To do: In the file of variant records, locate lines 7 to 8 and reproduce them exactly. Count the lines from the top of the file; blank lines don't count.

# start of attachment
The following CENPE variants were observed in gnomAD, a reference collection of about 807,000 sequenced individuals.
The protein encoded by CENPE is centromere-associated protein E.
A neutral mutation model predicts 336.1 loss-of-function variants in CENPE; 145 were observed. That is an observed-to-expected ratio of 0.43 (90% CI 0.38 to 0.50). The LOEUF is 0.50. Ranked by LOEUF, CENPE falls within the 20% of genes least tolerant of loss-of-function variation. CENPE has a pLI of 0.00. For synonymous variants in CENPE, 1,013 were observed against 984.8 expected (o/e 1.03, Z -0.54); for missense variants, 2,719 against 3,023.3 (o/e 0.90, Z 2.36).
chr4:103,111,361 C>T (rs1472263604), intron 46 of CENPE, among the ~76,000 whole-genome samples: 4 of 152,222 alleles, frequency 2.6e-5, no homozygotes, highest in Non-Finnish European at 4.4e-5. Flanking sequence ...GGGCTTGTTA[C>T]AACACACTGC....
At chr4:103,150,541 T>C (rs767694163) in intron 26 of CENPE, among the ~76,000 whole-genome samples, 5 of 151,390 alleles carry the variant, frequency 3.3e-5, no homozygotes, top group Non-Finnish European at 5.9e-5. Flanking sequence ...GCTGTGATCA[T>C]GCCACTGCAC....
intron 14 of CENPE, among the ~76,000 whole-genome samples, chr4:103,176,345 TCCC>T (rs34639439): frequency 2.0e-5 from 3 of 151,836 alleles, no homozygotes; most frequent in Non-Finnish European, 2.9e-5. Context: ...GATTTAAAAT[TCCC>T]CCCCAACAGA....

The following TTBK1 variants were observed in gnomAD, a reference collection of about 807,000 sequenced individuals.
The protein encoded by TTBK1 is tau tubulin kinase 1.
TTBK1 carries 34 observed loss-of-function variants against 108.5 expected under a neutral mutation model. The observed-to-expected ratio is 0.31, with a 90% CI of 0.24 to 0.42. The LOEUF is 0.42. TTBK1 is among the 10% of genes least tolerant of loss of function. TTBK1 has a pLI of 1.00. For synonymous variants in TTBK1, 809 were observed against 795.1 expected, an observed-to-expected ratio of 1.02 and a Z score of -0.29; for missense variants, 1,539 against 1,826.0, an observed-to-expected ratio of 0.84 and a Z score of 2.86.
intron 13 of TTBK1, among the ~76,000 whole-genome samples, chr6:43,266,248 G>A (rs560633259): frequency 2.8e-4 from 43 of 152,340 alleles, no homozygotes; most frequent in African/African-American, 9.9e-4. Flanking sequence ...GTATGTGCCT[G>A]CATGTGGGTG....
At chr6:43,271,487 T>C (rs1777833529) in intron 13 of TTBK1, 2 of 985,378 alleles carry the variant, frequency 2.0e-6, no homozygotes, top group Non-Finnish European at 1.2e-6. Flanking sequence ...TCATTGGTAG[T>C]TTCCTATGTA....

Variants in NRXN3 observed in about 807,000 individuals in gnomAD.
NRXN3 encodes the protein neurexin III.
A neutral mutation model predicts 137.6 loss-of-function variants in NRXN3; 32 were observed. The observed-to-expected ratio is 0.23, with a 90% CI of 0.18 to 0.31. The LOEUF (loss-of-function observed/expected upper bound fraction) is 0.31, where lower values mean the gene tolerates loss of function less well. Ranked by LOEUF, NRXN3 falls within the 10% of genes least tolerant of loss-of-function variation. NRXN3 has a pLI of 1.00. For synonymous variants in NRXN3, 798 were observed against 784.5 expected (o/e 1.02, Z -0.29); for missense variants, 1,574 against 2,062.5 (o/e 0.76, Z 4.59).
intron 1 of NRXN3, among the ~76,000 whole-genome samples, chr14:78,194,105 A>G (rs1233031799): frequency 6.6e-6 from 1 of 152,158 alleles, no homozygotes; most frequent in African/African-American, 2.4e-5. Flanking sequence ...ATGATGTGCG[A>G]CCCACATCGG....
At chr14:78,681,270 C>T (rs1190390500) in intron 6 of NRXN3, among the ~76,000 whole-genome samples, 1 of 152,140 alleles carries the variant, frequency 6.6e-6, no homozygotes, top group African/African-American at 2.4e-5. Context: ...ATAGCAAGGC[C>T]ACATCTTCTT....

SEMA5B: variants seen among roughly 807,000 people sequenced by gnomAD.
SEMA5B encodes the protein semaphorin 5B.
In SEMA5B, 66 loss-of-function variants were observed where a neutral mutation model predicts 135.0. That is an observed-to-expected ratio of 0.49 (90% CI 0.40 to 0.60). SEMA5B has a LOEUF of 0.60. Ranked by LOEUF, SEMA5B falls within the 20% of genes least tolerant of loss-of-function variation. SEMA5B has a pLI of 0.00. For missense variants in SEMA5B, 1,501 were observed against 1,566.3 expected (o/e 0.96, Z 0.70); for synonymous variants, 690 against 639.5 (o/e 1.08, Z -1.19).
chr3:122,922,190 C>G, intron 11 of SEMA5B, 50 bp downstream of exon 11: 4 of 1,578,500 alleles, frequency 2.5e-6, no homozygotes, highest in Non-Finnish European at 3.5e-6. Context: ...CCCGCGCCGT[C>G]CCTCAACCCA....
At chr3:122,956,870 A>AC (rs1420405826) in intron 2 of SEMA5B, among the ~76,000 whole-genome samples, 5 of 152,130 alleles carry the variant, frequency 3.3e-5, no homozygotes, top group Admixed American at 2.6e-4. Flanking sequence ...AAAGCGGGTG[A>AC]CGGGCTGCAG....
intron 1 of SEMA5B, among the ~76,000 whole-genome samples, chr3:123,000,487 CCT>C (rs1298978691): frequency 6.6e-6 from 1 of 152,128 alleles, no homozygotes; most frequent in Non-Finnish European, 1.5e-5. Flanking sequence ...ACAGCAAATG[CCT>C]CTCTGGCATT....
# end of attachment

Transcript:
The following TTBK1 variants were observed in gnomAD, a reference collection of about 807,000 sequenced individuals.
The protein encoded by TTBK1 is tau tubulin kinase 1.